UN special rapporteur to Myanmar Yanghee Lee added her voice in support of the journalists from a press conference in Seoul, calling the pair “brave” and “fearless.”
She has been banned from Myanmar by authorities who say she is working with a bias against the country.
“I remain deeply perplexed and concerned that they remain in detention despite the military having admitted responsibility for the killings at Inn Din,” she said, adding that “they should be released immediately and the charges against them must be dropped.”


5 years after mall Kenya attack, Al-Shabab’s threat grows

Updated 29 min 29 sec ago
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5 years after mall Kenya attack, Al-Shabab’s threat grows

  • Analysts say the Somalia-based extremist group has been pushed down Africa’s east coast as far as Mozambique
  • The Al-Qaeda-linked extremist group has vowed retribution on Kenya for sending troops to Somalia since 2011

NAIROBI: Five years after Al-Shabab fighters burst into a luxury shopping mall in Kenya’s capital, hurling grenades and starting a days-long siege that left 67 people dead, analysts say the Somalia-based extremist group has been pushed down Africa’s east coast as far as Mozambique as its regional threat expands.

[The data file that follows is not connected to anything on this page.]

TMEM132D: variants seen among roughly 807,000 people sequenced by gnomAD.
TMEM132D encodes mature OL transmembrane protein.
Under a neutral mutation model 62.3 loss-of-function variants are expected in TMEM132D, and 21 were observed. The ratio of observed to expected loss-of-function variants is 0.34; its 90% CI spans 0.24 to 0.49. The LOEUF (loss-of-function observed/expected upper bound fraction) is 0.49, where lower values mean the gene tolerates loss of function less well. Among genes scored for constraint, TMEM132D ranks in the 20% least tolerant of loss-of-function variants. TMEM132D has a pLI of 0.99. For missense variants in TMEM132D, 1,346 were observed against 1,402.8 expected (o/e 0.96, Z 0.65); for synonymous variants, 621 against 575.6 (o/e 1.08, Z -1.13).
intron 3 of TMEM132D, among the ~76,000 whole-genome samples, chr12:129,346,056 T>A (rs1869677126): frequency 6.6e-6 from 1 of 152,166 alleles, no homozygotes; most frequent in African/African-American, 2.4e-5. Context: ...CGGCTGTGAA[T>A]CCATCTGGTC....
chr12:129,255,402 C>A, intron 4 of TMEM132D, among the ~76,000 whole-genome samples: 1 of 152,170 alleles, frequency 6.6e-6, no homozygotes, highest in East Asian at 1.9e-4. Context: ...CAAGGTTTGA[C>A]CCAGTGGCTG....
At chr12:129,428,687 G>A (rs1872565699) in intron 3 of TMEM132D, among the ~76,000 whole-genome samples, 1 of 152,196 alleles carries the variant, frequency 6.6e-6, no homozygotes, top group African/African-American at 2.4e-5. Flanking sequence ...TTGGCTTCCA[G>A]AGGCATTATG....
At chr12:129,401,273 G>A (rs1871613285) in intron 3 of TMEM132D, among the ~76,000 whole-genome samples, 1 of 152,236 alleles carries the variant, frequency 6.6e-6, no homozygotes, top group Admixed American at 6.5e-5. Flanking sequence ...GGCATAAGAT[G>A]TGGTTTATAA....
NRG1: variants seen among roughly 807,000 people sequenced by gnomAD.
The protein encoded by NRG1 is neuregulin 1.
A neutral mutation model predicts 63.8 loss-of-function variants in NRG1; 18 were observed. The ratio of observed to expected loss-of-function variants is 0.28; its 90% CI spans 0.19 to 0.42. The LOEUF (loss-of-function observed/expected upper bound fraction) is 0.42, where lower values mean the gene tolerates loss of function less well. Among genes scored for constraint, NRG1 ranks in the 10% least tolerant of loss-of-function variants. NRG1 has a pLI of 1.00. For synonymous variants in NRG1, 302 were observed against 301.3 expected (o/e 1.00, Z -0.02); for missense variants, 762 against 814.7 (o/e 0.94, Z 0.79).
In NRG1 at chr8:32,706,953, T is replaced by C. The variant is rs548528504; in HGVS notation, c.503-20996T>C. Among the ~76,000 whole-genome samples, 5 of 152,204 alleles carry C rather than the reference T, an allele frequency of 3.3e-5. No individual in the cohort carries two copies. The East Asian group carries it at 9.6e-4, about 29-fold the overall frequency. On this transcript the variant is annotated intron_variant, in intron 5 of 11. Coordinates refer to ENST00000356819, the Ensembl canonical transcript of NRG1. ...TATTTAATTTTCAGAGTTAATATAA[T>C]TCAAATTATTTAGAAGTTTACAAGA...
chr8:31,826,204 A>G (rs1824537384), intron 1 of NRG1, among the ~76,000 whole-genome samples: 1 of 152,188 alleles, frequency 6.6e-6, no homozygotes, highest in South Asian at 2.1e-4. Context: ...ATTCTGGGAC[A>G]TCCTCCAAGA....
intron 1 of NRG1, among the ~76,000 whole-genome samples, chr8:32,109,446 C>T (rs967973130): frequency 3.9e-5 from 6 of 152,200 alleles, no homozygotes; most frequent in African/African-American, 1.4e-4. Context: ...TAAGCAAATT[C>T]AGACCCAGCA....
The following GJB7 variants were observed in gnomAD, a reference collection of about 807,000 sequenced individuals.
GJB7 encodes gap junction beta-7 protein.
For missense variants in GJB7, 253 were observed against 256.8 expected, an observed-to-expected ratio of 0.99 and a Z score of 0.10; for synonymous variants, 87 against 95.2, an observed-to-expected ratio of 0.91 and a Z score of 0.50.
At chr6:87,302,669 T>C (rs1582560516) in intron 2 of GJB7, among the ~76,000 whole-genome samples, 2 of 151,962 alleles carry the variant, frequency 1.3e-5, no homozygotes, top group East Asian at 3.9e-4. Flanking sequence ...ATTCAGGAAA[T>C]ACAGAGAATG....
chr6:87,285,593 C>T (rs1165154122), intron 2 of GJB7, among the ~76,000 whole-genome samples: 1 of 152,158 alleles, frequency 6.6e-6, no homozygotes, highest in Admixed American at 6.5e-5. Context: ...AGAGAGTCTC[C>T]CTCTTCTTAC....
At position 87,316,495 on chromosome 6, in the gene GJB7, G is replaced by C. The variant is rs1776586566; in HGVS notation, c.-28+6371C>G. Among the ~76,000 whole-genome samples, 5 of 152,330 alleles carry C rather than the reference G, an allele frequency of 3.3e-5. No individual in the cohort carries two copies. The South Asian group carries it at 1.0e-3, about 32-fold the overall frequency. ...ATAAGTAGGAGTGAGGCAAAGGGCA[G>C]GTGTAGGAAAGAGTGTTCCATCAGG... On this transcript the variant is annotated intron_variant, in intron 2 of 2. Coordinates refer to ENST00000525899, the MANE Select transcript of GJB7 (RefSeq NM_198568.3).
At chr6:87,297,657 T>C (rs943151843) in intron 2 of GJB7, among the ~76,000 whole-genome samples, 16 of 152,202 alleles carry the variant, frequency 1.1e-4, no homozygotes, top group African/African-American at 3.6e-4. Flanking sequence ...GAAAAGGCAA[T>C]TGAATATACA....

The assault on Westgate Mall on a sunny weekend afternoon horrified the world and exposed weaknesses in Kenya’s security forces after it took them hours to respond. Kenyan President Uhuru Kenyatta promised reforms.
Now the government of East Africa’s commercial hub is praising itself, saying security forces have effectively limited attacks to areas near the Somali border. “We learnt our mistakes and corrected them,” police Inspector General Joseph Boinnet told reporters this week, pointing out real-time intelligence sharing among security agencies.
Analysts, however, say few sustainable lessons have been learned while Al-Shabab, the deadliest Islamic extremist group in sub-Saharan Africa, has changed its strategy with devastating effects.
The Al-Qaeda-linked extremist group has vowed retribution on Kenya for sending troops to Somalia since 2011. The group has killed hundreds of people inside Kenya, which has been targeted more than any other of the six countries providing troops to an African Union force in Somalia.
“Al-Shabab’s goal in carrying out attacks outside Somalia is to pressure authorities within the region to pull their troops out of Somalia. That aim has not been achieved and all indications are that the movement continues to plot assaults in cities across East Africa to advance its objectives,” said Murithi Mutiga, a senior analyst with the International Crisis Group.